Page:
Discovery Channel Promises To Stop Lying To Us

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Justine Alford

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527 Discovery Channel Promises To Stop Lying To Us
philstr, via Flickr. CC BY-NC-ND 2.0

It’s fair to say that the Discovery Channel is not what it used to be. What was once an enthralling educational program that left you itching to learn more has disappointedly begun indulging the masses with sensationalist garbage and lies that have understandably tainted its reputation. But thankfully, we can now wave goodbye to “documentaries” that make science lovers want to tear their hair out as there’s a new president on the scene, and it seems he’s got some sense.

The channel’s new chief, Rich Ross, was elected as president in late October, but only officially joined the company this month. Yesterday, at the Winter TV press tour, he promised to stop broadcasting fake stuff, or "mockumentaries".


“It’s not whether I’m a fan of it,” he said, speaking about said mockumentaries, which we shall ignore. “I don’t think it’s right for Discovery Channel, and think it’s something that has run its course. They’ve done very well… but I don’t think it’s something that’s right for us.” And we’re glad to hear it.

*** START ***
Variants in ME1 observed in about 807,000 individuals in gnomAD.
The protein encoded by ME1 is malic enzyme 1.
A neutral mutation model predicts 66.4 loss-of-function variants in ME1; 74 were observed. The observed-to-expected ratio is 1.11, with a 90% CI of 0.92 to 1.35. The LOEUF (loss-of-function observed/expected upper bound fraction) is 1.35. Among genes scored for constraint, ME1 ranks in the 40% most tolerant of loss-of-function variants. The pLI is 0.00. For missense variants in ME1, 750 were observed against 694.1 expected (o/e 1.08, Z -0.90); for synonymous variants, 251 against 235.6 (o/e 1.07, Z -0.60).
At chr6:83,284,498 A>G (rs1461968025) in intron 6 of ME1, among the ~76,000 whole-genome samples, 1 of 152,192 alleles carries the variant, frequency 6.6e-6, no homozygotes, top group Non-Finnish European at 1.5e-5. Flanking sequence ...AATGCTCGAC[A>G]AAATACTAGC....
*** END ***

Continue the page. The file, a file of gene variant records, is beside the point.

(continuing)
While producing fake documentaries might seem harmless and amusing at first glance, such as convincing the credulous that mermaids actually exist, some of these are in fact damaging, and therefore not a laughing matter. For example, during shark week last year, rather than focusing on celebrating and admiring these wonderful animals, the channel decided to help perpetuate the idea that sharks are savage, cold-blooded killers.

They recycled an old (fake) story about a Megalodon (a giant, prehistoric shark that is now extinct) and convinced people that a 35-foot shark with an “insatiable appetite for human blood” had been terrorizing a coast off South Africa. Despite the fact that they included a small disclaimer, and the program also featured actors and doctored footage, many became convinced that this extinct animal still exists, something that has been frustratingly difficult to rectify.

Another stunt that received a bit of a slamming, to say the least, was their recent special Eaten Alive, which promised to show viewers naturist Paul Rosolie being gobbled up by an anaconda. Why, you ask? Well, apparently, Rosolie wanted to draw attention to deforestation that is threatening the snakes he cares so deeply about. Bit of a weird way to get the message across, though. And of course, understandably, Rosolie decided to bail out of this ridiculous stunt, which ticked a few people off.


When Ross was asked for his opinion about the documentary, he said: “It was the right intention with a packaging that was misleading. You don’t have to be so sensational. In his mind he thought [being eaten by the snake] was actually possible. But the fever of that story got out of control.” Much to our relief, he then added: “I don’t believe you’ll be seeing a person being eaten by a snake in my time [at the channel].”

[Via Deadline, Entertainment Weekly and BBC News]

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